- An injury can teach us to be patient and gentle with life, with the body, and with each other.
- Being injured can be an invitation to learn about our inner worlds, such as through yoga, mindfulness, breathwork, and managing emotions.
- "Bad days" can teach us to allow these emotions to be there and make peace with not needing to be happy or have good days all the time.
On August 23rd, my son was out mountain biking with his teacher and friends. As usual, my husband and I waited at home with lunch ready around noon. At 12.15, he still hadn't shown up. As his mom, I’ve done a lot of work on releasing my fear around this sport and trusting in his passion. And then, we got that call from his teacher. He had done a relatively easy jump he’s done before, went over the handlebar, and was hurt and in a lot of pain.
We raced up the mountain in the car. He was in the kind of pain you never want to see, let alone hear, your child be in. We got him to the hospital for x-rays to be told that his collarbone was badly broken. The images were intense. My 8-year-old boy, who’d already had stitches five times, had broken his first bone.
Collar bones, I found out, are the most common broken bone in childhood. They are also incredibly tricky to heal, as you can’t just put them in a cast and forget about it. The collar bone is moving all the time, too, so how on earth were we going to help an active 8-year-old boy not move for a minimum of 6 weeks?!
We got him a "figure-of-8" support that keeps both shoulders aligned and a sling. He had to sleep in this for the next month at least. (Always ask for a second opinion because our first doctor didn’t give us the "figure-of-8" brace, and, yet, it is the best option for making sure the bone grows back straight.)
Sleeping was very painful for him, and the reality of the next few months came crashing down. No sports. No activity. Canceled birthday party plans. No more usual things that kids do at playtime. There were many things like getting dressed, fun play dates, and kicking a soccer ball that he couldn't do. We became constant eyes on what he was doing for fear of displacing his collarbone or hurting it again, which, of course, he hated us for.
As with everything, we got into a new normal at home. We found other things for him to do that weren’t physical: reading, artwork, learning guitar, finding new cool songs. Every night before sleep, we visualized the two bones fusing together.
And, still, it shifted his world from being the big, strong, active kid to not being able to do what he loved.
Here are five things that we learned along the way:
- Have patience. When your child is injured, the mind makes you believe things will never heal and get better. The only way for us to manage this long road ahead was to chunk it down a day at a time and to celebrate each week that we got through. I would never wish an injury on anyone, and, yet, it is an immediate way to learn how to be patient and gentle with life, with the body, and with each other.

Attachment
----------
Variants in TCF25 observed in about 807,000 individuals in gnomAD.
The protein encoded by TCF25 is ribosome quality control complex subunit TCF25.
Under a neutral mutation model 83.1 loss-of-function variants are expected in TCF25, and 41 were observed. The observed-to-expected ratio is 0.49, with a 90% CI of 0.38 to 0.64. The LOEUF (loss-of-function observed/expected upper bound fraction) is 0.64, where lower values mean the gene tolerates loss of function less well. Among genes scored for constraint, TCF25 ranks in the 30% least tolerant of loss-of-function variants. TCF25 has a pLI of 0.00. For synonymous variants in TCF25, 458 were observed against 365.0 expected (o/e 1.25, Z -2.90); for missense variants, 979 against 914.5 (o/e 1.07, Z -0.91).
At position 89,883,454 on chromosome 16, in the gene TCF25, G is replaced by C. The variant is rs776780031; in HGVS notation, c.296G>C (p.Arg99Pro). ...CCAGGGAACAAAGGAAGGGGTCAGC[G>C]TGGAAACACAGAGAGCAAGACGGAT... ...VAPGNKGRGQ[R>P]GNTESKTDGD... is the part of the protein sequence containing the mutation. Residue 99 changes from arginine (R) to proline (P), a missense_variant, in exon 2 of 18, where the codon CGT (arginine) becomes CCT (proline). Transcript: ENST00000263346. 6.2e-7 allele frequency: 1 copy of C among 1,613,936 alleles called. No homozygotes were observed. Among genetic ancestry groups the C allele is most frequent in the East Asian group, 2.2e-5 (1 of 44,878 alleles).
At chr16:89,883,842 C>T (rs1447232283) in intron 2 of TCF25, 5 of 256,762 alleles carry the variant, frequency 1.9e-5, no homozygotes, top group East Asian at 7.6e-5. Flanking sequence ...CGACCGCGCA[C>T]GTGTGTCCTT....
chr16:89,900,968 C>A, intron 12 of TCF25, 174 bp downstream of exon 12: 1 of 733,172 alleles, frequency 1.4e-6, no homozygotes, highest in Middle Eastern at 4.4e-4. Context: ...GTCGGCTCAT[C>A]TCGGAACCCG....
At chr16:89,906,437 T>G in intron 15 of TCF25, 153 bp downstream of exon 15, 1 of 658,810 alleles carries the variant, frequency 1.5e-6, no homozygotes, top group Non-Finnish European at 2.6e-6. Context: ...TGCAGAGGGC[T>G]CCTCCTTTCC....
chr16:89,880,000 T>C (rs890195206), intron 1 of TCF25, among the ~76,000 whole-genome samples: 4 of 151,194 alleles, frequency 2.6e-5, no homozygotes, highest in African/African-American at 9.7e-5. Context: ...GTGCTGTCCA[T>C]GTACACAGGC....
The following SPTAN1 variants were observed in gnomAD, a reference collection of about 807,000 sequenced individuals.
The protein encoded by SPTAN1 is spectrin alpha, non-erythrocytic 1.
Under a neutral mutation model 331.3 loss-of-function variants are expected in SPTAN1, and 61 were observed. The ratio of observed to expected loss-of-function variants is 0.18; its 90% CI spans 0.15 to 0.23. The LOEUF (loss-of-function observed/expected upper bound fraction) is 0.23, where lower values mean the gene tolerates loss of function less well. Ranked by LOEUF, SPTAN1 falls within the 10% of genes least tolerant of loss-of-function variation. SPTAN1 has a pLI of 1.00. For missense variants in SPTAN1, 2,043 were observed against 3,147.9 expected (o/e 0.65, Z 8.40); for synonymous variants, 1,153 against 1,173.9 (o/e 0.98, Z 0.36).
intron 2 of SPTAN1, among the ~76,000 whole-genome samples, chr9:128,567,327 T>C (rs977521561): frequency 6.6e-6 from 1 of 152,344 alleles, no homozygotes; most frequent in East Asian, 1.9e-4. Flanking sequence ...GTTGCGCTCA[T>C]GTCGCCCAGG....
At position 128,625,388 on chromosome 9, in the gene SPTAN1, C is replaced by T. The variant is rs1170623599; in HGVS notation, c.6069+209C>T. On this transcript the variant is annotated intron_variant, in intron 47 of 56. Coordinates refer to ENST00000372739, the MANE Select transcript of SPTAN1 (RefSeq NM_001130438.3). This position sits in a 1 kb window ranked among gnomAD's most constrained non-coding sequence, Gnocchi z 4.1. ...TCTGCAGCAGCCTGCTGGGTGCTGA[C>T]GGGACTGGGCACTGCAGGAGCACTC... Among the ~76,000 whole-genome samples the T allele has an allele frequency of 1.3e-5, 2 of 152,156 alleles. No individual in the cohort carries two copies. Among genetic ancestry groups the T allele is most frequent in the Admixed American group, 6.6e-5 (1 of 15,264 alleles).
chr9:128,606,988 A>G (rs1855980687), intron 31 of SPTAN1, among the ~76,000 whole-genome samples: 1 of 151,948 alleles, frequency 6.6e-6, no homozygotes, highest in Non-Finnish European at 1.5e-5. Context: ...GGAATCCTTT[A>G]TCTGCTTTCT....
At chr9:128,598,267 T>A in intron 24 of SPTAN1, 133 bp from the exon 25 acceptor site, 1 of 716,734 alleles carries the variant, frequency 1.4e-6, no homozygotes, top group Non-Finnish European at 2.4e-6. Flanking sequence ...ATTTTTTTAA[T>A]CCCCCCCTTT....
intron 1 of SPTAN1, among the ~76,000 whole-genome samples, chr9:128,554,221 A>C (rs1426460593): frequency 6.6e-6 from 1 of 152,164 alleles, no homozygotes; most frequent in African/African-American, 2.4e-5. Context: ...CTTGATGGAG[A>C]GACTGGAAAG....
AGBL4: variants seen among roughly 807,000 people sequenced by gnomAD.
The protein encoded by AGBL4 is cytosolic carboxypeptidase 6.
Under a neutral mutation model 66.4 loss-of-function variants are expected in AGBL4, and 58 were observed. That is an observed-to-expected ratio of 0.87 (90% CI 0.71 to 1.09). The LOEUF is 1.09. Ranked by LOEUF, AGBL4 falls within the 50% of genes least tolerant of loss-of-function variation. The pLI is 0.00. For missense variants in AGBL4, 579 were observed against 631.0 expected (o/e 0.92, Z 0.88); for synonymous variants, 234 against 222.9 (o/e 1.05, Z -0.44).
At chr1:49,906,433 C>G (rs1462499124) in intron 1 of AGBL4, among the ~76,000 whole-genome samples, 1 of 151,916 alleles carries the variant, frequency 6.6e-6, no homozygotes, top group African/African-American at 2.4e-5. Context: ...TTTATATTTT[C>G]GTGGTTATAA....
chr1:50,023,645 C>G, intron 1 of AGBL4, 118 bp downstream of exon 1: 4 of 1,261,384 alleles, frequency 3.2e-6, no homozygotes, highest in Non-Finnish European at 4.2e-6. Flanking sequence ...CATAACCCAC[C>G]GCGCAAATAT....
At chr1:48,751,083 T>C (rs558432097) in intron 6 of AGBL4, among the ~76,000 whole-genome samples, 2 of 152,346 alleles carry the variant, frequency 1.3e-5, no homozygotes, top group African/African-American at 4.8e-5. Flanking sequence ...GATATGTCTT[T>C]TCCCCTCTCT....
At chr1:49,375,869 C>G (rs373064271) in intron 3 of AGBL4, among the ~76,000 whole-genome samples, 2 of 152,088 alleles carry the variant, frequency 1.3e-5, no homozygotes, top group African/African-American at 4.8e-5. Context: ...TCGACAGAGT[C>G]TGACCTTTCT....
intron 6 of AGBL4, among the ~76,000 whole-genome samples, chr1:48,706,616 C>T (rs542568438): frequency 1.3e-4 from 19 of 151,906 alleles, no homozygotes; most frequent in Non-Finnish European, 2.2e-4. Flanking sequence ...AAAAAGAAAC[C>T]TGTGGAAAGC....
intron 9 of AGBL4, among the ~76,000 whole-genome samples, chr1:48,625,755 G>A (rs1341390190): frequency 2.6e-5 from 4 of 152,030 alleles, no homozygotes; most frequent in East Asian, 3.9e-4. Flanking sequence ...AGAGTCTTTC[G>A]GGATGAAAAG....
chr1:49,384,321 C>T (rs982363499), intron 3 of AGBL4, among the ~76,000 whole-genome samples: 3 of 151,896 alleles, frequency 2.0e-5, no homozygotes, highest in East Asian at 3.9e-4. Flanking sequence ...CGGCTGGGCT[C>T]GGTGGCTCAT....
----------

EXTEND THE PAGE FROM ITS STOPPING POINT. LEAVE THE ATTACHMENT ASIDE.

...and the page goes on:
- You can do hard things. This statement is one we told him quite early on and he took it on as part of his new identity. This was probably one of the hardest things life had thrown his way, and he was going to be the hero of his journey. He would find out how strong he really was, not just physically but, this time, mentally and emotionally.
- Our inner world is as important as our outer world. This one was definitely new for him. His world was all external before this: soccer, biking, running, climbing, scootering, swimming. So when all that is suddenly put on hold, it was an invitation to learn about the inner world we also live in. We started talking about meditation, beliefs, emotions, fears, faith, and, most importantly, self-kindness. As one world-class athlete who broke his leg and arm as a teenager told him, it forces you to "go inside." It was during that time he learned about yoga, mindfulness, breathwork, and managing emotions. He credits this as being what made him win top competitions when the pressure is sky-high. Instead of relying on his outer athletic skill, he was able to integrate his inner skills, too. My son loved this message.
- Learn to focus. My son fell because he didn’t focus. He will tell you it was a super-easy jump, so he didn’t take the time to prepare. This is a painful lesson but one that will serve him for life. Kids tend to not be very focused as they are usually messing around, testing their limits, showing off, or lost in their thoughts. This injury helped our son see the importance of focusing his mind and body.
- Embrace bad days. Some days and nights were worse than others. Sometimes I was the one that couldn’t handle how heartbreaking it was when he missed sports competitions at school, every PE class, recess…or when he was sad that he was teased or excluded. He had days when emotions were very intense. We all learned to allow these emotions to be there and made peace with not needing to be happy or have good days all the time.
My son still doesn’t have the green light to go back to all his usual activities. He now has to do physical therapy and take it easy. He’s still learning to trust his body again, listen to his intuition, and make good decisions by himself.
My biggest lesson has been that my child may learn more from this injury than anything else he’s gone through this year, and, hopefully, it will serve him for life. And these five tools are as much for parents as they are for kids!